The International Consortium of Investigative Journalists (ICIJ) latest ‘blockbusting’ exposé is many things, but blockbusting it is not.
I have formed the initial impression that we are now faced with an even less impressive story in the Pandora Papers. I stand to be corrected as the ICIJ and its global team will drip-feed the tasty bits over the next few weeks to maintain public interest.
Initially the ICIJ won my respect, as the Panama Papers did much to publicise a problem with Mossack Fonseca, the law firm at the centre of the scandal, and others who were complicit in some dirty dealing. But much of what I have read since the Panama Papers has been salacious tittle-tattle.
The rich and famous have been illuminated as selfish, tax dodging and rule-bending capitalists. Much in this latest cache of documents and tales carries a rider that nobody is saying that the individuals concerned have done anything illegal. Why are they being highlighted then?
Initially the ICIJ won my respect
The ICIJ to my mind is at danger of shifting from being a high-end ‘broadsheet’ to a low-end ‘tabloid’. I understand there will be public interest in outing celebrities and those in governments who have sought to be tax efficient and to protect their privacy. Lifting these stones to see what scurries out is what sells news.
But there is an inherent problem with this: the information leading to these stories is stolen. It is breaching the right of every individual whose private life and finances are being laid bare. You cannot hide behind an assertion that this is a whistleblowing exercise if the individuals you are seeking to embarrass are adhering to the rule of law.
If they are playing by the rules, albeit using them to their advantage, exert pressure on the lawmakers. But do not sacrifice the privacy of those others who are guilty of no more than hiring the best accountants and lawyers.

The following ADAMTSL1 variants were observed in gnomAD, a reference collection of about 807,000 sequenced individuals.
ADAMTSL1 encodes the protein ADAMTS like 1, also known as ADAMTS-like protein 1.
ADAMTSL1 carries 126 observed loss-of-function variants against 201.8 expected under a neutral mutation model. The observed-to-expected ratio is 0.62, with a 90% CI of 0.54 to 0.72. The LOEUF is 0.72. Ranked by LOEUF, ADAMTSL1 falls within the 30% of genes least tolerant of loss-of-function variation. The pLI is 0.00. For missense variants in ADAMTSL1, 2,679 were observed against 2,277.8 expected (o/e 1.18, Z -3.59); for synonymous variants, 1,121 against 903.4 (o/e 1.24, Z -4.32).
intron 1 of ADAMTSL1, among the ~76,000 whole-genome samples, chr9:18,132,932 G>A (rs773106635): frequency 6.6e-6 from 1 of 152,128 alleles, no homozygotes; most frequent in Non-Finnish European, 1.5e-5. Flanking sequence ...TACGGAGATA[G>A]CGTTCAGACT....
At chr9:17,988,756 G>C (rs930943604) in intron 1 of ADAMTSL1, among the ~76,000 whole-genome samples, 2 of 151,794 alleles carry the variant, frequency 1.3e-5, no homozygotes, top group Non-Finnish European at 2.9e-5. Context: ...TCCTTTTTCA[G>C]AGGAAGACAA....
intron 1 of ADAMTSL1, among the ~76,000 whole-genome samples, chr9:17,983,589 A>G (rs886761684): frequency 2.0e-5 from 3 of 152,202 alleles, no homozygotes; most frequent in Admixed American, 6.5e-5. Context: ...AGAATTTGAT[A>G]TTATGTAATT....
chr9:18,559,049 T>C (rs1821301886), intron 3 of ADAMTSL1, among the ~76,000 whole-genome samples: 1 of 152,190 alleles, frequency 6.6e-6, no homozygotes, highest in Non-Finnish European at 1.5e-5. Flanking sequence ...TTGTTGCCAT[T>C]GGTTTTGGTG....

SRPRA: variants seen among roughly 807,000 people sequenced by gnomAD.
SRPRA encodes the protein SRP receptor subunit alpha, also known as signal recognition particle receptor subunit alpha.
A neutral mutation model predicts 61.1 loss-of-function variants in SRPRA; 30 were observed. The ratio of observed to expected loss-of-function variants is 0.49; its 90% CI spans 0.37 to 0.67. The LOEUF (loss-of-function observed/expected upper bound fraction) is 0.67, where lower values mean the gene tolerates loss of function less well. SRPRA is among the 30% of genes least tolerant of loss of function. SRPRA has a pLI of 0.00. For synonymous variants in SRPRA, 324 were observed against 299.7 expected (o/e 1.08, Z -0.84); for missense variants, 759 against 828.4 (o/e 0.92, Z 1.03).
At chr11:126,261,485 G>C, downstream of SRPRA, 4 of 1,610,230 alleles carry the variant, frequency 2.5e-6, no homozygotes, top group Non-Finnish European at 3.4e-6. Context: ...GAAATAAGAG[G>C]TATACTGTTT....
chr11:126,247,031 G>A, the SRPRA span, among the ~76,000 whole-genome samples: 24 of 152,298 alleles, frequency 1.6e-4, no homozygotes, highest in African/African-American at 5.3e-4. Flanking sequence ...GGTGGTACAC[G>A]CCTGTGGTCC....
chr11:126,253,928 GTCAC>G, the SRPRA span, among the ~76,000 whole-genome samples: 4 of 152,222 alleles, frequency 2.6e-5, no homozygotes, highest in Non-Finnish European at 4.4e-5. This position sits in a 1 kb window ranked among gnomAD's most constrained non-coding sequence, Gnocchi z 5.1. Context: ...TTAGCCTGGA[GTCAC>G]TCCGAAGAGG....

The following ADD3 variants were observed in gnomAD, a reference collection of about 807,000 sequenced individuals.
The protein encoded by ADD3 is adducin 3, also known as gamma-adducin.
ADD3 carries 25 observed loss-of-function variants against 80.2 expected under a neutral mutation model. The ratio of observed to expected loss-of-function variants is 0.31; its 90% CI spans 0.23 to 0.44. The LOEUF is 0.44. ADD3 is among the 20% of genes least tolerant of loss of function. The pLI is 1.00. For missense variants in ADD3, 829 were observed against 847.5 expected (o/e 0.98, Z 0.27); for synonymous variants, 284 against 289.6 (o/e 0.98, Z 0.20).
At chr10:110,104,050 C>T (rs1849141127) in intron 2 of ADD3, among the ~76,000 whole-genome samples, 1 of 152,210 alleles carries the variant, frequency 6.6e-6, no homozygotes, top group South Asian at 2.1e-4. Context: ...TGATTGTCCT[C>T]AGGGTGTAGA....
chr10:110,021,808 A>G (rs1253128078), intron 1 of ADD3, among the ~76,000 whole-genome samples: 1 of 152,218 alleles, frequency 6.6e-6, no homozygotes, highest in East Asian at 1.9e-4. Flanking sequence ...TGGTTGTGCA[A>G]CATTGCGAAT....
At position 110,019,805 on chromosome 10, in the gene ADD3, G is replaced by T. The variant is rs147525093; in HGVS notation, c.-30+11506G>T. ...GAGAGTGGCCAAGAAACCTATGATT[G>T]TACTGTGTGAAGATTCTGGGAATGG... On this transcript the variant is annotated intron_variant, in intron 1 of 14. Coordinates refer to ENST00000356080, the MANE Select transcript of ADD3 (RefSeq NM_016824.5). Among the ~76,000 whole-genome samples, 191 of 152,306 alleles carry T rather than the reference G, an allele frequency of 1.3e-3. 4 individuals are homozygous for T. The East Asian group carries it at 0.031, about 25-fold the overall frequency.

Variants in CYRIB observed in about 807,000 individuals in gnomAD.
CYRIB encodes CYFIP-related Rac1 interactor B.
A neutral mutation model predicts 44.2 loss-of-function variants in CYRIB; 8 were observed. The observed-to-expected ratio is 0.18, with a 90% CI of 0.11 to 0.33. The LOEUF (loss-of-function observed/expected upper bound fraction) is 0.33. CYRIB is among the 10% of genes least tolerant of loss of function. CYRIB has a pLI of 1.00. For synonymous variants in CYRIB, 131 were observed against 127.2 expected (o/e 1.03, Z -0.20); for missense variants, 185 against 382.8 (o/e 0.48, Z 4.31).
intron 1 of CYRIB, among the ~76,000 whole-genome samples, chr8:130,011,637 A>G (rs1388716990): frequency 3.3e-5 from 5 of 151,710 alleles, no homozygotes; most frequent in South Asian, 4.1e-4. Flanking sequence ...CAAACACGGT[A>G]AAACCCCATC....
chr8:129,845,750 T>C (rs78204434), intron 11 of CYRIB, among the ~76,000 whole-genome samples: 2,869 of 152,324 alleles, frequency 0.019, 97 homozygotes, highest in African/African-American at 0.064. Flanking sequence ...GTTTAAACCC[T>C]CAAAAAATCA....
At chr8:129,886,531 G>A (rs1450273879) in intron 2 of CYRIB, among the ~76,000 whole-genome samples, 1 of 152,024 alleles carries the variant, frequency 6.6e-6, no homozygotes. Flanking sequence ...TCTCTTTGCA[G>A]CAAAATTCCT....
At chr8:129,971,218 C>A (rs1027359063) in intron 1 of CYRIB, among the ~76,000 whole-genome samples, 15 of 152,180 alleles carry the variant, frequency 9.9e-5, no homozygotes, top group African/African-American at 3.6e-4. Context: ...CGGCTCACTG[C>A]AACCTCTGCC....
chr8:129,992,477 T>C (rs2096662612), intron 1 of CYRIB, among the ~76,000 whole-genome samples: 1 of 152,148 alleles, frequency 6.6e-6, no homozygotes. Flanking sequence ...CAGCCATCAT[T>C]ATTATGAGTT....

I appreciate that there are ethical questions to be addressed here. I believe that the argument that everybody should pay tax commensurate to their earnings is valid. But there are better ways of achieving this. Is tax avoidance morally wrong? That is an interesting question. But sensationalist news articles take it as read that it is a self-evidently immoral activity.
Is tax avoidance morally wrong? That is an interesting question.
Several of the stories released in this exposé would indicate that some of the subjects may have committed criminal offences, such as tax evasion, corruption, and money laundering. As such, they are fair game. My concern is for those innocent of criminality who find themselves in the public eye on the basis of an ideological rationale.
If the ICIJ is going to continue accepting stolen private data on the basis that it is on a righteous mission, then there are ways in which it can do so and still make life uncomfortable for those who deserve to be exposed.
If you have suspicions of criminality, conduct your investigation and gather your evidence. Once you have the complete package on an offender, then you are totally justified in naming and shaming them (even if I have some reservations as to the legalities surrounding the acquisition of the data).
What other justification can you have for destroying a person’s privacy and character when they may have done nothing wrong, other than work the system as it allows them to? Some of the individuals targeted in this latest raft of stories will make the cut purely because they are well-known and therefore newsworthy.
The ICIJ’s current approach is disappointing. By all means rigorous investigative journalism is laudable. But don’t reduce yourselves to a pious tabloid news source publishing spicy titbits about people in the public eye, and then add there is no suggestion that they have committed any criminal offence.